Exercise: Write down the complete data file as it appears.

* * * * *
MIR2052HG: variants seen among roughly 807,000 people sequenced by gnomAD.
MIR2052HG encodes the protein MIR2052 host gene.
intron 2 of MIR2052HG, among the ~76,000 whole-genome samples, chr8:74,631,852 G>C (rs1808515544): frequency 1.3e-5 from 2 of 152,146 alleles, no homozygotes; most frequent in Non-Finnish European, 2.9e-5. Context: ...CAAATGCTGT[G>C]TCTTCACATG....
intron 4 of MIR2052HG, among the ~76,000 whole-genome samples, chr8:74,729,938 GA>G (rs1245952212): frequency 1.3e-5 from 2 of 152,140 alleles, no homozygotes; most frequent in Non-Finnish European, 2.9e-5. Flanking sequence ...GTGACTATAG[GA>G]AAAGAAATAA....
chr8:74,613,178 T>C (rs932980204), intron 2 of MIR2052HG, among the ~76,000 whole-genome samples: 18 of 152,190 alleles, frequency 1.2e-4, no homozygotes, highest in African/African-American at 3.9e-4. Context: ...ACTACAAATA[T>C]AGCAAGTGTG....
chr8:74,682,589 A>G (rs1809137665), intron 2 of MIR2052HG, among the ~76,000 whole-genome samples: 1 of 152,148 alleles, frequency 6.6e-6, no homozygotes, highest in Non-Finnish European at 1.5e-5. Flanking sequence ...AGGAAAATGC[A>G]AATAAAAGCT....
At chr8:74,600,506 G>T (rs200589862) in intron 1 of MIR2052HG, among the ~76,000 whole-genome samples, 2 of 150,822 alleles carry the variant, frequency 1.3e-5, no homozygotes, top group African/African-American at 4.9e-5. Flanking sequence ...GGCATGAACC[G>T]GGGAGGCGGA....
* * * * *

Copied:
MIR2052HG: variants seen among roughly 807,000 people sequenced by gnomAD.
MIR2052HG encodes the protein MIR2052 host gene.
intron 2 of MIR2052HG, among the ~76,000 whole-genome samples, chr8:74,631,852 G>C (rs1808515544): frequency 1.3e-5 from 2 of 152,146 alleles, no homozygotes; most frequent in Non-Finnish European, 2.9e-5. Context: ...CAAATGCTGT[G>C]TCTTCACATG....
intron 4 of MIR2052HG, among the ~76,000 whole-genome samples, chr8:74,729,938 GA>G (rs1245952212): frequency 1.3e-5 from 2 of 152,140 alleles, no homozygotes; most frequent in Non-Finnish European, 2.9e-5. Flanking sequence ...GTGACTATAG[GA>G]AAAGAAATAA....
chr8:74,613,178 T>C (rs932980204), intron 2 of MIR2052HG, among the ~76,000 whole-genome samples: 18 of 152,190 alleles, frequency 1.2e-4, no homozygotes, highest in African/African-American at 3.9e-4. Context: ...ACTACAAATA[T>C]AGCAAGTGTG....
chr8:74,682,589 A>G (rs1809137665), intron 2 of MIR2052HG, among the ~76,000 whole-genome samples: 1 of 152,148 alleles, frequency 6.6e-6, no homozygotes, highest in Non-Finnish European at 1.5e-5. Flanking sequence ...AGGAAAATGC[A>G]AATAAAAGCT....
At chr8:74,600,506 G>T (rs200589862) in intron 1 of MIR2052HG, among the ~76,000 whole-genome samples, 2 of 150,822 alleles carry the variant, frequency 1.3e-5, no homozygotes, top group African/African-American at 4.9e-5. Flanking sequence ...GGCATGAACC[G>T]GGGAGGCGGA....